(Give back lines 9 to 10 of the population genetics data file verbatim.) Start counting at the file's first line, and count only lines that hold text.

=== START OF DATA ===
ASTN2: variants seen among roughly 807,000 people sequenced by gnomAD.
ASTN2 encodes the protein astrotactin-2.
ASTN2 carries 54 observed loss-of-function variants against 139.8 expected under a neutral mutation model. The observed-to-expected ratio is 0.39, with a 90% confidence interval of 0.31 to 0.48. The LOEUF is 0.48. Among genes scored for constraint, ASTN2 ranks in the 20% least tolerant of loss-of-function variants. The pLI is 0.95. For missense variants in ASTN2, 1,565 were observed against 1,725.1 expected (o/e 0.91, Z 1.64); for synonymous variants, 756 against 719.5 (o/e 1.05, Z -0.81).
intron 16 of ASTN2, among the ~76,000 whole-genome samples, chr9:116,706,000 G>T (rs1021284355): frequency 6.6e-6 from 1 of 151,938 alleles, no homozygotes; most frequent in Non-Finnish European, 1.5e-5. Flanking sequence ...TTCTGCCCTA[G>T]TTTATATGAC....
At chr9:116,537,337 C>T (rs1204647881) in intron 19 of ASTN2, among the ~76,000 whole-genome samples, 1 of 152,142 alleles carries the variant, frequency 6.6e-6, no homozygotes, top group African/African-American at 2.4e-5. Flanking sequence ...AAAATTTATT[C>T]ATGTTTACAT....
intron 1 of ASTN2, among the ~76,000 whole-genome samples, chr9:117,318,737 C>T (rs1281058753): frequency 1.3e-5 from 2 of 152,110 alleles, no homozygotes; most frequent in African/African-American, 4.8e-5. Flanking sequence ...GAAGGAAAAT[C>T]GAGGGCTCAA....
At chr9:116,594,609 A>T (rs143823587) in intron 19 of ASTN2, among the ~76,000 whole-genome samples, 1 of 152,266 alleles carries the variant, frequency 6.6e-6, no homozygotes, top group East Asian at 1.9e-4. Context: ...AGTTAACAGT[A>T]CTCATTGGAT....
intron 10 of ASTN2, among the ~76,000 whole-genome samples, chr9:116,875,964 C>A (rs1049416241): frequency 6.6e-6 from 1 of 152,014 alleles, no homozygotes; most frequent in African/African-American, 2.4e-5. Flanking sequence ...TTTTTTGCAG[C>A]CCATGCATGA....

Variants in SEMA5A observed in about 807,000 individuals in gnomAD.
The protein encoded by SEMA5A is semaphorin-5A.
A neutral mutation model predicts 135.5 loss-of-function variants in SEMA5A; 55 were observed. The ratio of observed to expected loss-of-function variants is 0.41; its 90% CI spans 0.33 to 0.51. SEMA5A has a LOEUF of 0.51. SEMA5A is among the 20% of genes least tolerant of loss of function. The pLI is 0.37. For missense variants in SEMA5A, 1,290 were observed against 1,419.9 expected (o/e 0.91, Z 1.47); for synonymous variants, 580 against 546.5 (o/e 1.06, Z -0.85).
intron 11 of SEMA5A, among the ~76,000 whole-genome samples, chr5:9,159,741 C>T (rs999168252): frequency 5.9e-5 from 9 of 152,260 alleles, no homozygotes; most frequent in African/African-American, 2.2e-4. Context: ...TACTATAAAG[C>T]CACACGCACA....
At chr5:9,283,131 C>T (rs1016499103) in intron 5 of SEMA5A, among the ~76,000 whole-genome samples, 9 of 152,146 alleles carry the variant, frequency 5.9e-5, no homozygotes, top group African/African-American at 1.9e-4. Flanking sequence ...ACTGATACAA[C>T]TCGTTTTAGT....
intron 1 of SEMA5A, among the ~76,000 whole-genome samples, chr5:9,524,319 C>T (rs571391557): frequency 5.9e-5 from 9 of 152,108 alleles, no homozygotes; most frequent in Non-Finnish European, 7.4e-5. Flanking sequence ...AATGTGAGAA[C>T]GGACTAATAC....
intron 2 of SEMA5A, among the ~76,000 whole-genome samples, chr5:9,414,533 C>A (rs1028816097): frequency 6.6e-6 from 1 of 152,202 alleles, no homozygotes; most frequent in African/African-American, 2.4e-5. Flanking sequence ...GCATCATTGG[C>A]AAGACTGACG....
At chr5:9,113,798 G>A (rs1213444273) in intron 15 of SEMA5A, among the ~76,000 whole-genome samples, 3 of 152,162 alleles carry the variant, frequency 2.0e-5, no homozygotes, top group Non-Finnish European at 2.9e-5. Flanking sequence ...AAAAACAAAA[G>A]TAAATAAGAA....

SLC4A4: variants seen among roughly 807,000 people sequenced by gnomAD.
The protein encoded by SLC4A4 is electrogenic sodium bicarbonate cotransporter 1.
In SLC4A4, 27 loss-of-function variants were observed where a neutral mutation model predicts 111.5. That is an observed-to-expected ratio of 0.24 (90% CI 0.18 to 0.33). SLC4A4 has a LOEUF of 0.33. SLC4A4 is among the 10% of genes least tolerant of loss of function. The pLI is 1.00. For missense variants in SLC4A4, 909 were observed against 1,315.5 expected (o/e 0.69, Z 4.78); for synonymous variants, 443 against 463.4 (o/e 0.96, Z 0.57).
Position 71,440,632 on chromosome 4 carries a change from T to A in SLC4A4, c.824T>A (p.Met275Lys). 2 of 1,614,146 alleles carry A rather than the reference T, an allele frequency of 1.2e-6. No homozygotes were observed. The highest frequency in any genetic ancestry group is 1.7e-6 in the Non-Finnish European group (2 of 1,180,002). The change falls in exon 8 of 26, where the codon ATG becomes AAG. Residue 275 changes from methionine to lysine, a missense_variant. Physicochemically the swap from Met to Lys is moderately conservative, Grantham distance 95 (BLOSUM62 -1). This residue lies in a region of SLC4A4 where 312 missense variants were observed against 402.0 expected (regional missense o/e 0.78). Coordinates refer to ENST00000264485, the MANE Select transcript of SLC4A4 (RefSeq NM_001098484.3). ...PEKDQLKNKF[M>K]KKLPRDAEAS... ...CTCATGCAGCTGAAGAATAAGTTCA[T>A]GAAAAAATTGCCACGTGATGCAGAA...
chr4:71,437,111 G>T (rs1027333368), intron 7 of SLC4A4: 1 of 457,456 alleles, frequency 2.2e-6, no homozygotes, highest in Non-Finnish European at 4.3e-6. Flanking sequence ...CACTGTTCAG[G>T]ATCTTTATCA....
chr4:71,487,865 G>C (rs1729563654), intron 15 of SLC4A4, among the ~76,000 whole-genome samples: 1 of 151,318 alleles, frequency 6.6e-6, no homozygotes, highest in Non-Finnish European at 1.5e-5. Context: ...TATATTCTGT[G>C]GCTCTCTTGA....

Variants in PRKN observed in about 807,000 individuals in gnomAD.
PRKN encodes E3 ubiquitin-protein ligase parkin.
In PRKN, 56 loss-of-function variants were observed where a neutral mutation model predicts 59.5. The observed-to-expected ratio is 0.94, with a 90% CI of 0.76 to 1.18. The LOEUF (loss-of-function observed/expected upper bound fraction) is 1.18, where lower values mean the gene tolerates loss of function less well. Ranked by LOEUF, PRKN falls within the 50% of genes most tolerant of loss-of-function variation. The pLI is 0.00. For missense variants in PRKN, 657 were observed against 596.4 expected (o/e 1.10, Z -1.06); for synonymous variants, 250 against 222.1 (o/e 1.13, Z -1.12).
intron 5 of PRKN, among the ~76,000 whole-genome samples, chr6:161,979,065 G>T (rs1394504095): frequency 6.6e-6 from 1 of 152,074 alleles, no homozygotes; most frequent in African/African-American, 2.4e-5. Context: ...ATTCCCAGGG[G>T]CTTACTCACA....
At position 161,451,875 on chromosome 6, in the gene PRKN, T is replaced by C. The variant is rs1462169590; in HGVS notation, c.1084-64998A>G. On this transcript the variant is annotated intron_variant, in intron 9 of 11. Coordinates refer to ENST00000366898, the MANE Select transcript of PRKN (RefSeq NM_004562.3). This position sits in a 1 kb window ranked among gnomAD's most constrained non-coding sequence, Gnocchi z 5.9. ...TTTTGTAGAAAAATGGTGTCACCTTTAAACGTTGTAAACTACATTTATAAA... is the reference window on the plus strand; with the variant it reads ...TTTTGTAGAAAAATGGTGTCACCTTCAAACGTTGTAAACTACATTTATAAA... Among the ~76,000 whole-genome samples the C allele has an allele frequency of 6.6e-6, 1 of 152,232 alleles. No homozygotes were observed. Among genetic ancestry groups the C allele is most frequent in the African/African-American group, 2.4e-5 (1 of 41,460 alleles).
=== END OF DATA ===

Variants in SEMA5A observed in about 807,000 individuals in gnomAD.
The protein encoded by SEMA5A is semaphorin-5A.